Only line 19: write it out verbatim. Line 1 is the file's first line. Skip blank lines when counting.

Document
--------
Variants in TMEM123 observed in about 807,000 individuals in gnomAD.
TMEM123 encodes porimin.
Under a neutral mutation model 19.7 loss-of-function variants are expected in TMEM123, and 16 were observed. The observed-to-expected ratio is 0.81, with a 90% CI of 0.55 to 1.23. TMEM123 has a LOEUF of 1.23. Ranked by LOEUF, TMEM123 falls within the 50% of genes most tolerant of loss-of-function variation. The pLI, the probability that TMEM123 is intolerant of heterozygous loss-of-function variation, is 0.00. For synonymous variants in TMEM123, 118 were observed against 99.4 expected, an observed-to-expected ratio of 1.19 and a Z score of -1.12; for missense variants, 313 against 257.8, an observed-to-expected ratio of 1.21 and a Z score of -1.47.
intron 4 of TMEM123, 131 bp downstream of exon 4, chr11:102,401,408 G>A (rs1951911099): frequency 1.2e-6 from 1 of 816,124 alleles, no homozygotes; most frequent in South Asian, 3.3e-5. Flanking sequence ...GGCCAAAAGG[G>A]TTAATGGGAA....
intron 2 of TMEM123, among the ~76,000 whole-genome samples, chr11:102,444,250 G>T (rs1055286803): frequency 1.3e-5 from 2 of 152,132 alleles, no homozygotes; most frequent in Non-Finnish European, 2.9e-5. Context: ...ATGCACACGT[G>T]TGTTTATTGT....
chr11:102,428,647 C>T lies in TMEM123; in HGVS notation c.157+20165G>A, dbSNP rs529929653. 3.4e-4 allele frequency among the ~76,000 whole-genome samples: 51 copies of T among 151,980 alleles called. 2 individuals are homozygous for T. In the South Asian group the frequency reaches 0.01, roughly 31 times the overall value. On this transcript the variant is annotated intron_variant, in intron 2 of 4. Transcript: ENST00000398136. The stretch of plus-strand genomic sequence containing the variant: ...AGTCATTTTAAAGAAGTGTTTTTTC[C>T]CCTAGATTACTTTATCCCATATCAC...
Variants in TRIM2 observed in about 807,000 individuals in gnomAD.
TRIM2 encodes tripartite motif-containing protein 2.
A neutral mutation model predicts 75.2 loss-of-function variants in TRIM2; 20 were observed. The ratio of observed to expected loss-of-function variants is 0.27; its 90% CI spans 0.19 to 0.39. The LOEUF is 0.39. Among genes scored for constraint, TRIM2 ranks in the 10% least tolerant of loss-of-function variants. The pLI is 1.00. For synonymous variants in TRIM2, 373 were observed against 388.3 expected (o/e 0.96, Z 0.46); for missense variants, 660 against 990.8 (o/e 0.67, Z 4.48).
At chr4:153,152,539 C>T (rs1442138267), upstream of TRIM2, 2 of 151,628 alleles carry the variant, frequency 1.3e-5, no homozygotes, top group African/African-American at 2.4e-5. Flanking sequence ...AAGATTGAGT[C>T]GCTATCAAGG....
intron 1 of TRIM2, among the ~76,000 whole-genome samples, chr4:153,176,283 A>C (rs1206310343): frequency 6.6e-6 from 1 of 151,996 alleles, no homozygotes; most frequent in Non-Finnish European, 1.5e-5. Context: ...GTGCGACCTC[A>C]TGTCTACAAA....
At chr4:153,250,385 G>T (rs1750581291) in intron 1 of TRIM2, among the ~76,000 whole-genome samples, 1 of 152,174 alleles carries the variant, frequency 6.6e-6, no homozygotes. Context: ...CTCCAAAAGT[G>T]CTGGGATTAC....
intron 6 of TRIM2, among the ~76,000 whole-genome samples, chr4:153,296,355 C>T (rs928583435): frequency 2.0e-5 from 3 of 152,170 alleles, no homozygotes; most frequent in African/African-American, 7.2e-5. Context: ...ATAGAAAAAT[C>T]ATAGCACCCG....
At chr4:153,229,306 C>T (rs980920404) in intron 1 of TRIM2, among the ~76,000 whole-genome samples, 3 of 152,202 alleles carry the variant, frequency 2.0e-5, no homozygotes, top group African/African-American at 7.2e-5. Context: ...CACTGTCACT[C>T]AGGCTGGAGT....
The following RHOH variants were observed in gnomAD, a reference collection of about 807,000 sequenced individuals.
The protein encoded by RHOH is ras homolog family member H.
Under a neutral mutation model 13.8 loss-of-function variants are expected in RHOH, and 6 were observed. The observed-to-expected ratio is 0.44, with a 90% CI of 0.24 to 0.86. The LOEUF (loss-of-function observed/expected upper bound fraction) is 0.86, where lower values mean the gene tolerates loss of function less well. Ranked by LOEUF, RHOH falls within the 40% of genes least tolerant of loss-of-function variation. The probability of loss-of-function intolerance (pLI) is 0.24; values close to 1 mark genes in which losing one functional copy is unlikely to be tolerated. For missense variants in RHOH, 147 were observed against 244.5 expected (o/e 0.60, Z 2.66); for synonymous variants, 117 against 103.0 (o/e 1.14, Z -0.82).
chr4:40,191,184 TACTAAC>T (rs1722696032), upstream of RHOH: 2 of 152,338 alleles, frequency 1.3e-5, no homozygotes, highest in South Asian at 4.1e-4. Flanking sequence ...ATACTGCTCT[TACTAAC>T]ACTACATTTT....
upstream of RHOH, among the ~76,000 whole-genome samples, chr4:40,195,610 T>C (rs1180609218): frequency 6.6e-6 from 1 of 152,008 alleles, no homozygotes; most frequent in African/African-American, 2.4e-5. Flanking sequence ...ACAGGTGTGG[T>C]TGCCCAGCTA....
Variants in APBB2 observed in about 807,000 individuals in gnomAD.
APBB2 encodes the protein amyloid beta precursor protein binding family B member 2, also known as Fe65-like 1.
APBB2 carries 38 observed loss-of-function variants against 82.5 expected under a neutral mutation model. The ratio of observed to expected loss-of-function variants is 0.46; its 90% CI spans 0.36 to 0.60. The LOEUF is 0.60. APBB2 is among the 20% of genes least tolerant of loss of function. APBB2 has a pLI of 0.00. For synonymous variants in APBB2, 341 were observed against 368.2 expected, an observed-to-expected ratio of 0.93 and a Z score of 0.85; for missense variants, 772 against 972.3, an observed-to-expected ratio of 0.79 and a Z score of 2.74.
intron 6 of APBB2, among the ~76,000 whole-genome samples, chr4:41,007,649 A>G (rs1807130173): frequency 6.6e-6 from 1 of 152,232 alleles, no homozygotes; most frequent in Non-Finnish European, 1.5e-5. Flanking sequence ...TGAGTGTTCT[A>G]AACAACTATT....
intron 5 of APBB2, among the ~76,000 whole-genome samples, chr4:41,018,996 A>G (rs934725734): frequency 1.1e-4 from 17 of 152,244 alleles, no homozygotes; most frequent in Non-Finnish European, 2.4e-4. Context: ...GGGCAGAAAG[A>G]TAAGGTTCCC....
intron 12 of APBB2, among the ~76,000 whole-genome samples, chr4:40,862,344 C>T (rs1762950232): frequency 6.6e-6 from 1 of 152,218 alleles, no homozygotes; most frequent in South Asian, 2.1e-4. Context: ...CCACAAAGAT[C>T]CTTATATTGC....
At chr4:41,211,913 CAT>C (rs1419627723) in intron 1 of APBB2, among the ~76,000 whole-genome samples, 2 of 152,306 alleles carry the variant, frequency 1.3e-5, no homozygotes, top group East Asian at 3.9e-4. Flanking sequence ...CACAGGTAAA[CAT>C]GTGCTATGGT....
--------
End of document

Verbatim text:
upstream of RHOH, among the ~76,000 whole-genome samples, chr4:40,195,610 T>C (rs1180609218): frequency 6.6e-6 from 1 of 152,008 alleles, no homozygotes; most frequent in African/African-American, 2.4e-5. Flanking sequence ...ACAGGTGTGG[T>C]TGCCCAGCTA....